Buzzard 2 is available to businesses and consumers on a range of pay-as-you-go and monthly plans. The device can plug directly into the dashboard’s 12v connection without needing an adapter, while an extra USB socket allows other devices to be connected to it and charged.
According to cable.co.uk, both Brake and RoSPA are urging the Government to carefully monitor technology as they believe it could compromise safety.
James McLoughlin, spokesperson for Brake, told cable.co.uk: “Last year, somebody was killed or seriously injured on average every three days by a driver distracted by their mobile phone.
“Driving is one of the most complicated and risky tasks many of us do on a regular basis, and it requires our full concentration to drive safely.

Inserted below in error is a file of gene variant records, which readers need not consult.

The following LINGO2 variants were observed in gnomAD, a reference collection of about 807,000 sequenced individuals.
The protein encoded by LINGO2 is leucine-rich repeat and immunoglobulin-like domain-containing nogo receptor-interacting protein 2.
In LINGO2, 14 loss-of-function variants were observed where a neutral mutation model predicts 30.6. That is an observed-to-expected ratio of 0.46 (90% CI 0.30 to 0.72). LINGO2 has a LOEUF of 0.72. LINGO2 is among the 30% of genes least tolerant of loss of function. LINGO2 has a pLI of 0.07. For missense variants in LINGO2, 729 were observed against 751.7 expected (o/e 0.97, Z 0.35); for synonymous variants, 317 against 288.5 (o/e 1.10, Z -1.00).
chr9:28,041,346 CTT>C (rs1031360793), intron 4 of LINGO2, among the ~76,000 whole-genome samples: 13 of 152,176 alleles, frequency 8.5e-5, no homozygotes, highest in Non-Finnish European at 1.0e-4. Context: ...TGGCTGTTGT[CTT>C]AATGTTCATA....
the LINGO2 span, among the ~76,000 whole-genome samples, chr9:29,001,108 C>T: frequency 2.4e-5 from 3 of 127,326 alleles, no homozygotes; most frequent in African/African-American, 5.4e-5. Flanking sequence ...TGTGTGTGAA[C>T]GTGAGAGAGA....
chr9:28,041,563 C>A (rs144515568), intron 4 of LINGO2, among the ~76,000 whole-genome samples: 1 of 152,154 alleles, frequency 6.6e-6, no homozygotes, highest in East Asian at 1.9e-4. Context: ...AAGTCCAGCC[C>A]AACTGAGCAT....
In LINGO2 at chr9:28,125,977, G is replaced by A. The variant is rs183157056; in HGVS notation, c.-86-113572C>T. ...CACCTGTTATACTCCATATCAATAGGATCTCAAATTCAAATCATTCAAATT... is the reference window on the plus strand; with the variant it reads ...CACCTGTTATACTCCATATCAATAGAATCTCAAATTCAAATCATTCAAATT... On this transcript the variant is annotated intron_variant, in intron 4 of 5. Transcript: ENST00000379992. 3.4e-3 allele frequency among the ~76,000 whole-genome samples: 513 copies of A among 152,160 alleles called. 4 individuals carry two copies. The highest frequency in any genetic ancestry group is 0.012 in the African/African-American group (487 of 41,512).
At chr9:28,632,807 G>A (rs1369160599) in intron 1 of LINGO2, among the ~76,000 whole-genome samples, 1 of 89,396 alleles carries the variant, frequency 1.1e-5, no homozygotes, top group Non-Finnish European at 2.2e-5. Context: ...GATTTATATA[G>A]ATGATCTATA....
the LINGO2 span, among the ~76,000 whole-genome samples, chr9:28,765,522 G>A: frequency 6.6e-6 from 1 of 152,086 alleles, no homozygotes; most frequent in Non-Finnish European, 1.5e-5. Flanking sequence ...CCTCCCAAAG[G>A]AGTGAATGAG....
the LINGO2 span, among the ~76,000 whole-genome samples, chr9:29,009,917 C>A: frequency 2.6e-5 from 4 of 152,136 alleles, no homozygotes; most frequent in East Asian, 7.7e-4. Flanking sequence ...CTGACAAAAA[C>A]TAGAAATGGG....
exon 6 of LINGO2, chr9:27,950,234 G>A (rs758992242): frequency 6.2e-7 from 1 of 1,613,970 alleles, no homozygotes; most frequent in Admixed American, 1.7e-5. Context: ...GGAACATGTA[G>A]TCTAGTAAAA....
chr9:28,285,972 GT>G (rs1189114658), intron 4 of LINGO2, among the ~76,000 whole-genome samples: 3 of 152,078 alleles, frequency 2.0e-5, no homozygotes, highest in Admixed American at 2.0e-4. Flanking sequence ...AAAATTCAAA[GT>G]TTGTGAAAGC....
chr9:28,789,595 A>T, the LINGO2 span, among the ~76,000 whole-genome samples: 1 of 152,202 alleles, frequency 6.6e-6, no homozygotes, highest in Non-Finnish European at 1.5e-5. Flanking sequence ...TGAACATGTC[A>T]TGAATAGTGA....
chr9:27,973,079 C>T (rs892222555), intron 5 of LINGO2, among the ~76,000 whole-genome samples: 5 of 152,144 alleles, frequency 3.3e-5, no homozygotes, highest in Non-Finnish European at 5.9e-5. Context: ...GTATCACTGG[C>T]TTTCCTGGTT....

“At a time when people are still needlessly killed and injured because of selfish multi-tasking drivers, the Government would need to think seriously about how in-car wifi technology could be regulated to ensure it doesn’t create further distractions for drivers.”
Nick Lloyd, RoSPA’s road safety manager, added: “RoSPA is concerned that technology in cars must be carefully used to improve road safety rather than as an aid to comfort or quicker communication.
“Research by TRL has shown that using a hands-free mobile phone is a driver distraction which affects a driver’s reaction time and observation skills.
“Technological advancement needs to be carefully monitored so that safety is not compromised.”
An EE spokesperson responded: “In-car WiFi is designed for use by passengers and should only be used in ways that comply with road safety law.”